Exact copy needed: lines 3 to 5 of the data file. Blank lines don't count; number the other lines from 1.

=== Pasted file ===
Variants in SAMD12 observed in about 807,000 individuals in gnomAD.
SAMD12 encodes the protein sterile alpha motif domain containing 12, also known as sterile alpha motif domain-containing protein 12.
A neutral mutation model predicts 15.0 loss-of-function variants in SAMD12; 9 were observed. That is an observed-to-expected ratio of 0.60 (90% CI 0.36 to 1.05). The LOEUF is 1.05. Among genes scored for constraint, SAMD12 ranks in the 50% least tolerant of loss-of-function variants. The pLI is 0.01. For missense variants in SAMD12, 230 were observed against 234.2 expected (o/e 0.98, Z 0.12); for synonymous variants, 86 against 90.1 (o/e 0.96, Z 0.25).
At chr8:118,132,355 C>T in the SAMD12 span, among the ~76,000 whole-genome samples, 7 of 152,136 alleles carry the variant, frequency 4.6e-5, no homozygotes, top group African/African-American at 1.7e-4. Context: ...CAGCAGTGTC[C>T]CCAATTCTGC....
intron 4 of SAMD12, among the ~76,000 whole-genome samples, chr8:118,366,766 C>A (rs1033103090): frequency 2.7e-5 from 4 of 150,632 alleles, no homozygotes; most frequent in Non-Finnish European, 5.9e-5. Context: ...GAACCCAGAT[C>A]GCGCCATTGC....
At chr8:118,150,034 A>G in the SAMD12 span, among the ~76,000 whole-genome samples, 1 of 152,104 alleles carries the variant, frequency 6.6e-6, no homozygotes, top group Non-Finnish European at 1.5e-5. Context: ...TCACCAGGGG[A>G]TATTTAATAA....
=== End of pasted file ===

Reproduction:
A neutral mutation model predicts 15.0 loss-of-function variants in SAMD12; 9 were observed. That is an observed-to-expected ratio of 0.60 (90% CI 0.36 to 1.05). The LOEUF is 1.05. Among genes scored for constraint, SAMD12 ranks in the 50% least tolerant of loss-of-function variants. The pLI is 0.01. For missense variants in SAMD12, 230 were observed against 234.2 expected (o/e 0.98, Z 0.12); for synonymous variants, 86 against 90.1 (o/e 0.96, Z 0.25).
At chr8:118,132,355 C>T in the SAMD12 span, among the ~76,000 whole-genome samples, 7 of 152,136 alleles carry the variant, frequency 4.6e-5, no homozygotes, top group African/African-American at 1.7e-4. Context: ...CAGCAGTGTC[C>T]CCAATTCTGC....
intron 4 of SAMD12, among the ~76,000 whole-genome samples, chr8:118,366,766 C>A (rs1033103090): frequency 2.7e-5 from 4 of 150,632 alleles, no homozygotes; most frequent in Non-Finnish European, 5.9e-5. Context: ...GAACCCAGAT[C>A]GCGCCATTGC....